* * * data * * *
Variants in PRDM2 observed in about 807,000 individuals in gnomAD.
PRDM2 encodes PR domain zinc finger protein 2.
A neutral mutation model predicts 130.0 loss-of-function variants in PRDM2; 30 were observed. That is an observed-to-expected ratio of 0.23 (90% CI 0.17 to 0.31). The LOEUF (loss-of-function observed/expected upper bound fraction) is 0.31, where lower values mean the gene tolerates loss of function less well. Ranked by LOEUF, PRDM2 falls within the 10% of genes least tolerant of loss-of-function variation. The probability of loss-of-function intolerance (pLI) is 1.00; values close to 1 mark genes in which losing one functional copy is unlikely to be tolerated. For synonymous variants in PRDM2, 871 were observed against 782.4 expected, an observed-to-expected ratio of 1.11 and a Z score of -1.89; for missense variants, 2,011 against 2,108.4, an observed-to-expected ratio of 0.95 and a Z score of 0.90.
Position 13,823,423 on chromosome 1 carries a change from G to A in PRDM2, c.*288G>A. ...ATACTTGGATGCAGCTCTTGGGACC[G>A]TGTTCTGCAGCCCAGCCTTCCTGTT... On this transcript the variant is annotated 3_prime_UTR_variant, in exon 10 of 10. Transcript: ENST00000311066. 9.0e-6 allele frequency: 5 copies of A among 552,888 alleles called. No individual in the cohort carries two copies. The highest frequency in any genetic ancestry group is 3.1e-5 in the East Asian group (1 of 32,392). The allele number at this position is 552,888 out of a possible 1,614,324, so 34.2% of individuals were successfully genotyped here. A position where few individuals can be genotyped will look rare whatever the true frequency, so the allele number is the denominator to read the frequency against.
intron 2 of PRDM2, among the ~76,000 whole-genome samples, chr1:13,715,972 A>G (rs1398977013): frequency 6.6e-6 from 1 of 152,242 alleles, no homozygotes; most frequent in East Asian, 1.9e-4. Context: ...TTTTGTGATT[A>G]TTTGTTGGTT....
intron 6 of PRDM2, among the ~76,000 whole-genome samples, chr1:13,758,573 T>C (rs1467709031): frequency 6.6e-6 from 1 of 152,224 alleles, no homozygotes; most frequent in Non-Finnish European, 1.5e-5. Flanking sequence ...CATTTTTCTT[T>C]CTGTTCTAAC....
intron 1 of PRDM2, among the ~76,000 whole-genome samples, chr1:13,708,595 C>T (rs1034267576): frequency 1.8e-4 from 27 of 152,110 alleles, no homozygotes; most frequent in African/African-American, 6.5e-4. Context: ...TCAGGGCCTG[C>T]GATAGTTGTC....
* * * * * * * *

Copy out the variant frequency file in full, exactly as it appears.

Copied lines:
Variants in PRDM2 observed in about 807,000 individuals in gnomAD.
PRDM2 encodes PR domain zinc finger protein 2.
A neutral mutation model predicts 130.0 loss-of-function variants in PRDM2; 30 were observed. That is an observed-to-expected ratio of 0.23 (90% CI 0.17 to 0.31). The LOEUF (loss-of-function observed/expected upper bound fraction) is 0.31, where lower values mean the gene tolerates loss of function less well. Ranked by LOEUF, PRDM2 falls within the 10% of genes least tolerant of loss-of-function variation. The probability of loss-of-function intolerance (pLI) is 1.00; values close to 1 mark genes in which losing one functional copy is unlikely to be tolerated. For synonymous variants in PRDM2, 871 were observed against 782.4 expected, an observed-to-expected ratio of 1.11 and a Z score of -1.89; for missense variants, 2,011 against 2,108.4, an observed-to-expected ratio of 0.95 and a Z score of 0.90.
Position 13,823,423 on chromosome 1 carries a change from G to A in PRDM2, c.*288G>A. ...ATACTTGGATGCAGCTCTTGGGACC[G>A]TGTTCTGCAGCCCAGCCTTCCTGTT... On this transcript the variant is annotated 3_prime_UTR_variant, in exon 10 of 10. Transcript: ENST00000311066. 9.0e-6 allele frequency: 5 copies of A among 552,888 alleles called. No individual in the cohort carries two copies. The highest frequency in any genetic ancestry group is 3.1e-5 in the East Asian group (1 of 32,392). The allele number at this position is 552,888 out of a possible 1,614,324, so 34.2% of individuals were successfully genotyped here. A position where few individuals can be genotyped will look rare whatever the true frequency, so the allele number is the denominator to read the frequency against.
intron 2 of PRDM2, among the ~76,000 whole-genome samples, chr1:13,715,972 A>G (rs1398977013): frequency 6.6e-6 from 1 of 152,242 alleles, no homozygotes; most frequent in East Asian, 1.9e-4. Context: ...TTTTGTGATT[A>G]TTTGTTGGTT....
intron 6 of PRDM2, among the ~76,000 whole-genome samples, chr1:13,758,573 T>C (rs1467709031): frequency 6.6e-6 from 1 of 152,224 alleles, no homozygotes; most frequent in Non-Finnish European, 1.5e-5. Flanking sequence ...CATTTTTCTT[T>C]CTGTTCTAAC....
intron 1 of PRDM2, among the ~76,000 whole-genome samples, chr1:13,708,595 C>T (rs1034267576): frequency 1.8e-4 from 27 of 152,110 alleles, no homozygotes; most frequent in African/African-American, 6.5e-4. Context: ...TCAGGGCCTG[C>T]GATAGTTGTC....